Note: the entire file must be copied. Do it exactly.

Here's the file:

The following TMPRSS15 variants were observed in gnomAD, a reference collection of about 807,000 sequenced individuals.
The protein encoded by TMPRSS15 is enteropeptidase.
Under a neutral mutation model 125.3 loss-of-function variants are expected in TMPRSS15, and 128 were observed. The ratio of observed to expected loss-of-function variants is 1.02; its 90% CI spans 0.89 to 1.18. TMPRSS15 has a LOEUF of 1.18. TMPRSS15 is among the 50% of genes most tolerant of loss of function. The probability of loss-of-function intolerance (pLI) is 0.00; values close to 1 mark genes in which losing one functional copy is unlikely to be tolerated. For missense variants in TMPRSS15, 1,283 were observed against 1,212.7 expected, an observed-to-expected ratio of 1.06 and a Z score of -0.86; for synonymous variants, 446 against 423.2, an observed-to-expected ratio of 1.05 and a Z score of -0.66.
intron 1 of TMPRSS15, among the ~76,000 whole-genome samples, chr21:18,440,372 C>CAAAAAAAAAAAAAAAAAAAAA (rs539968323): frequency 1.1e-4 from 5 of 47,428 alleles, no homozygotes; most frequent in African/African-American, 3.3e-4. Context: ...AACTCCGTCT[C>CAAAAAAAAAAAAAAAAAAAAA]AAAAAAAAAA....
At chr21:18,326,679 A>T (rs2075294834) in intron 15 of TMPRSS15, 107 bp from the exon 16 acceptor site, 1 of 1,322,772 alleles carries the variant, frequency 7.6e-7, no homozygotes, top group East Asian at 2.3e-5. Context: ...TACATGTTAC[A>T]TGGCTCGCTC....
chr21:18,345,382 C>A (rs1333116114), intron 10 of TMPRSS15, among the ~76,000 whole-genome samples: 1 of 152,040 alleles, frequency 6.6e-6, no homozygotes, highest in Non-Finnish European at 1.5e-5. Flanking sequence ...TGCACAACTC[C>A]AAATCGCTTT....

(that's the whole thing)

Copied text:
The following TMPRSS15 variants were observed in gnomAD, a reference collection of about 807,000 sequenced individuals.
The protein encoded by TMPRSS15 is enteropeptidase.
Under a neutral mutation model 125.3 loss-of-function variants are expected in TMPRSS15, and 128 were observed. The ratio of observed to expected loss-of-function variants is 1.02; its 90% CI spans 0.89 to 1.18. TMPRSS15 has a LOEUF of 1.18. TMPRSS15 is among the 50% of genes most tolerant of loss of function. The probability of loss-of-function intolerance (pLI) is 0.00; values close to 1 mark genes in which losing one functional copy is unlikely to be tolerated. For missense variants in TMPRSS15, 1,283 were observed against 1,212.7 expected, an observed-to-expected ratio of 1.06 and a Z score of -0.86; for synonymous variants, 446 against 423.2, an observed-to-expected ratio of 1.05 and a Z score of -0.66.
intron 1 of TMPRSS15, among the ~76,000 whole-genome samples, chr21:18,440,372 C>CAAAAAAAAAAAAAAAAAAAAA (rs539968323): frequency 1.1e-4 from 5 of 47,428 alleles, no homozygotes; most frequent in African/African-American, 3.3e-4. Context: ...AACTCCGTCT[C>CAAAAAAAAAAAAAAAAAAAAA]AAAAAAAAAA....
At chr21:18,326,679 A>T (rs2075294834) in intron 15 of TMPRSS15, 107 bp from the exon 16 acceptor site, 1 of 1,322,772 alleles carries the variant, frequency 7.6e-7, no homozygotes, top group East Asian at 2.3e-5. Context: ...TACATGTTAC[A>T]TGGCTCGCTC....
chr21:18,345,382 C>A (rs1333116114), intron 10 of TMPRSS15, among the ~76,000 whole-genome samples: 1 of 152,040 alleles, frequency 6.6e-6, no homozygotes, highest in Non-Finnish European at 1.5e-5. Flanking sequence ...TGCACAACTC[C>A]AAATCGCTTT....